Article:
After experiencing a stroke in 2007, resulting in aphasia, Avi now educates the medical community and advocates for aphasia awareness.

 

We met Avi two years ago at Teachers College (Columbia University), where he did a conference about his personal experience with aphasia. His optimism and his big smile got us, and this is why today we want to share his story with you.

At the age of 33, Avi was admitted to Columbia Hospital (New York) for surgery on an arterioveinous malformation (AVM). During the surgery, he experienced a stroke on the left side of his brain, leaving him with right-sided paralysis, and consequent aphasia.

8 years later, he continues to have a lot of trouble speaking and writing, both of these being reflect problems with expressing himself.  But Avi refuses to let aphasia get in his way. He still works (and volunteers his time) as a paramedic and, more importantly, he’s embarked on a new mission of aphasia advocacy, educating others about aphasia and explaining how it impacts in a stroke survivor’s life.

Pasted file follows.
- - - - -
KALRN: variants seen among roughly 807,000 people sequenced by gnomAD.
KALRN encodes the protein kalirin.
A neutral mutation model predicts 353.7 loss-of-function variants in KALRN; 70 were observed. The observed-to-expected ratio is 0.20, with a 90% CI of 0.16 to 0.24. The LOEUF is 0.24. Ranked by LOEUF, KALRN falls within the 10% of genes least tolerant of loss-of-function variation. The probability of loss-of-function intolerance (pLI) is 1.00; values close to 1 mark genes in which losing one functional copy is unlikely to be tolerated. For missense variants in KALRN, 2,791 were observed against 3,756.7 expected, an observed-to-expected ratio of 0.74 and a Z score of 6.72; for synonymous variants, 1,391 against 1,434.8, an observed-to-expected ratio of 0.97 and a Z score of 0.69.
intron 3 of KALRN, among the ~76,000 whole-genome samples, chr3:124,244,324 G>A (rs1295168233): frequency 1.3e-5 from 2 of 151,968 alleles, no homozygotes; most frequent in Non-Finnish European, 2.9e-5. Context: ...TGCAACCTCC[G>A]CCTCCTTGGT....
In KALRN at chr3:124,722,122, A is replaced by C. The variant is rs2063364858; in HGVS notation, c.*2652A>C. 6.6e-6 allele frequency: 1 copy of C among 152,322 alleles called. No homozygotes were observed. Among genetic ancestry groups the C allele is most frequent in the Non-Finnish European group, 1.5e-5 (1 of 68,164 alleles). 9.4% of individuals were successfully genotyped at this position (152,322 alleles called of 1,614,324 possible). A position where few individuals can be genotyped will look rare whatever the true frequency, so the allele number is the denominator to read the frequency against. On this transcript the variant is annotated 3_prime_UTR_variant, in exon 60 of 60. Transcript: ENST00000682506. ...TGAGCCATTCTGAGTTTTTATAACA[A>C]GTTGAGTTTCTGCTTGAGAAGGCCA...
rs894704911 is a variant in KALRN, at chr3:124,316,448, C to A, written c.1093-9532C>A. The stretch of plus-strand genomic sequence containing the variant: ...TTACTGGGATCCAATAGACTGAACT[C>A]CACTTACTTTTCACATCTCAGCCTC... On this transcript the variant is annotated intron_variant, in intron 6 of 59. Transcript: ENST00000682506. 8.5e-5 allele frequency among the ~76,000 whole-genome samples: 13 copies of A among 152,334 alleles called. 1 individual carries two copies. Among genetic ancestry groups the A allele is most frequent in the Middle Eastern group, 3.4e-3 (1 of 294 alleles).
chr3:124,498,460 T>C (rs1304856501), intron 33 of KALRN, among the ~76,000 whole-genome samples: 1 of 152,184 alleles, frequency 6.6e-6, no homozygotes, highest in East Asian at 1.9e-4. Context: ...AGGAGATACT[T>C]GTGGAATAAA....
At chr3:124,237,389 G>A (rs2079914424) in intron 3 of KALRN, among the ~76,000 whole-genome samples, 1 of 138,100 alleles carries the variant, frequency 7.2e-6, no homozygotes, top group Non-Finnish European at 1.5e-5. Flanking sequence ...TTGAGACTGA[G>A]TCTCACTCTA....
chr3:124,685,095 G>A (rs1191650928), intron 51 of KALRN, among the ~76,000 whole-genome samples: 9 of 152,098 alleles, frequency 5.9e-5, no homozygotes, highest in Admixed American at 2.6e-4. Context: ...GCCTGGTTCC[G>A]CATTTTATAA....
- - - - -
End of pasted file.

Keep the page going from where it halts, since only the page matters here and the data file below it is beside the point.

To make this new goal a reality, Avi has been involved in a lot of aphasia-related projects; he has volunteered his time at the Adler Aphasia Center, where he participates in the educational training of medical residents, medical students and other health care professionals who are preparing for a career in a medical field.

Since Avi is still able to enjoy two of his favorite sports, snowboarding and horseback riding, it’s no surprise that he would also like to start a non-profit organization called NYC Outdoors Disability that promotes outdoors activities for people with disabilities.  As they say,  “the sky’s the limit, so join us for some adventure, where you’ll find confidence, encouragement, excitement, inspiration, and joy through outdoor activities and sports”.

Read more about Avi's story at Strokenetwork

 

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